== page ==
It is known that Lucereau left Aden in July 1880 and was killed in the surroundings of Harar on October 20, 1880. Rimbaud arrived in Aden some time during the first half of August (possibly the 7th). Lucereau made a last passage through Aden between July and October, which, it has been said, can be dated to approximately the 10 - 20th of August. And at that time, Lucereau stayed at the Universe Hotel. Therefore, the photograph must be from August 1880 if both Lucereau and Rimbaud are in it.

The problem, however, is that Bardey was not in Aden for the entire month of August; he left in July to make his way towards Zeila, a port city on the Gulf of Aden. (He arrived in Harar around August 22.) Therefore, Bardey next to Lucereau excludes Rimbaud; the three of them simply cannot be there together at the Universe Hotel in August. Now, previously Jean-Jacques Lefrère said he was certain the man sitting on the end was Alfred Bardey, yet he's no longer sure (and thinks it probably isn't). More information is coming sometime in June, Lefrère says, that will hopefully clear up some of these issues. (Items dropped off at the Charleville-Mézières Rimbaud museum by Bardey's descendants, I think.) Indeed, Lefrère still believes it's Arthur Rimbaud in the photo (so do I). But we must wait to see the other portraits of Alfred Bardey, and also his brother, Pierre. And personally I would like to see pictures of Maurice Riès (bearded, second from left?), Cesar Tian, Vittorio and Giuseppe Bienenfeld, D. Pinchard, and a few others.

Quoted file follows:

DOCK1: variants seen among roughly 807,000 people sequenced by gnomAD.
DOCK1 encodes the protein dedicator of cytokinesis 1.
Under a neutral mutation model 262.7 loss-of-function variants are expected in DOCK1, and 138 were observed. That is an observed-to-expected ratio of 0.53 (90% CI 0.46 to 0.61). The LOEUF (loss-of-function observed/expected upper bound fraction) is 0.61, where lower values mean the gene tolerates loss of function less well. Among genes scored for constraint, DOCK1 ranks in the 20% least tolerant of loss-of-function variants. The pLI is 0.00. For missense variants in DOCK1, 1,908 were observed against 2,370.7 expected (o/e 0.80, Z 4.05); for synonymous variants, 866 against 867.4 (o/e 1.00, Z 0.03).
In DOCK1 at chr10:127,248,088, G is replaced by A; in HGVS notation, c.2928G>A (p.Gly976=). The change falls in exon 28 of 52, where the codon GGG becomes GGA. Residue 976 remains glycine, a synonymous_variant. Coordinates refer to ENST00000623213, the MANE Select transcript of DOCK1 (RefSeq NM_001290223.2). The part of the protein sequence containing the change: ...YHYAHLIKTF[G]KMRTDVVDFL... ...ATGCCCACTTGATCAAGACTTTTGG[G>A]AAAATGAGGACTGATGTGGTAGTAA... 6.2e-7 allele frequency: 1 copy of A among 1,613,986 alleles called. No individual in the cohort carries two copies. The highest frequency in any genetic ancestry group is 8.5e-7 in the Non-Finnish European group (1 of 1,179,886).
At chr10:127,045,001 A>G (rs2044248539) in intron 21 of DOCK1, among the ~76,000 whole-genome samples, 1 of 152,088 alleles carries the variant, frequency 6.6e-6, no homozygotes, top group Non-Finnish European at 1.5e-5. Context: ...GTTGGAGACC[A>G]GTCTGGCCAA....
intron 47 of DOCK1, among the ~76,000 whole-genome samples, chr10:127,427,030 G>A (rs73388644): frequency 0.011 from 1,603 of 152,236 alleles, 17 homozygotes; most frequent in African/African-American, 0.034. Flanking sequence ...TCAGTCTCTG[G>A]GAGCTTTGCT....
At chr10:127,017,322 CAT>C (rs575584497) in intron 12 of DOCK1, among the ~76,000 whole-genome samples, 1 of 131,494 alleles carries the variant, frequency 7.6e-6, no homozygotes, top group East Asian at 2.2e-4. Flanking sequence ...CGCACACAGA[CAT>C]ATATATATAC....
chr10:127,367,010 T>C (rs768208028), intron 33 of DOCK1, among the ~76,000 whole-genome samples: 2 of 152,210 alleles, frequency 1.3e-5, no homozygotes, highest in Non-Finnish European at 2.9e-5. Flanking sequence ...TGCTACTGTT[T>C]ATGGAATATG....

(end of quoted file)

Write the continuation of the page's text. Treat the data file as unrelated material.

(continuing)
But who is that man, if not Bardey? Lefrère doesn't rule out the possibility that it's Colonel Dubar (brother-in-law of Jules Suel), or even Suel himself, who apparently is no longer marked as the checkered man in the photo. Bardey was only 26 in 1880, yet, in 1883 -- the year of the known photograph taken of him (see above) -- he's less-bald than he was three years earlier! I can think of no explanation for this except that he shaved his head in some bizarre style, which seems very far-fetched. Plus, he looks older -- or too old for 26 -- if that's really him in the Aden photo. (It is true that, once I finally decided it was probably Rimbaud in the photo, I also thought it was Bardey on the far left. If that's Rimbaud, I thought, then voila! that must be Bardey, his bearded boss! ...But I also didn't know that the picture of him I'm familiar with was taken after the Aden photo. Knowing this, it doesn't match up.)

Also worth noting: apparently there is a letter in which Bardey describes the chairs on the terrace of the Universe Hotel, and his description doesn't fit the chairs in the newly discovered photo...

* * *

Here is another photograph (Aden, around 1880) that was recovered in the same batch as the one being discussed. It's too blurry, I think, for anyone to make claims about any of the identities. Still, there is that mysterious figure at the center, le mythe de Rimbaud, and our imagination:

* * *

Finally, here are all the best photos (and comparisons) I could find of Rimbaud (mostly thanks to the great detective work done by members of the Rimbaud forum). Ones that appear to be pictures I've already posted are best enlarged because they are in fact the sharpest (and largest) versions I've been able to find.

* * *

rimbaud 1880 aden universe hotelnew rimbaud photonew rimbaud picture universe hotelnew rimbaud photo adenuniverse hotel aden l'universenew rimbaud photorimbaud comparison new picture africarimbaud photo comparisonsrimbaud photo comparisonsrimbaud photo comparisonsrimbaud carjat octoberrimbaud photograph compositerimbaud composite 1880 aden
The following photo will be familiar to all Rimbaud enthusiasts but I'm posting it because I've never seen it so cleaned up:

rimbaud in africarimbaud in africa

Friday, May 21, 2010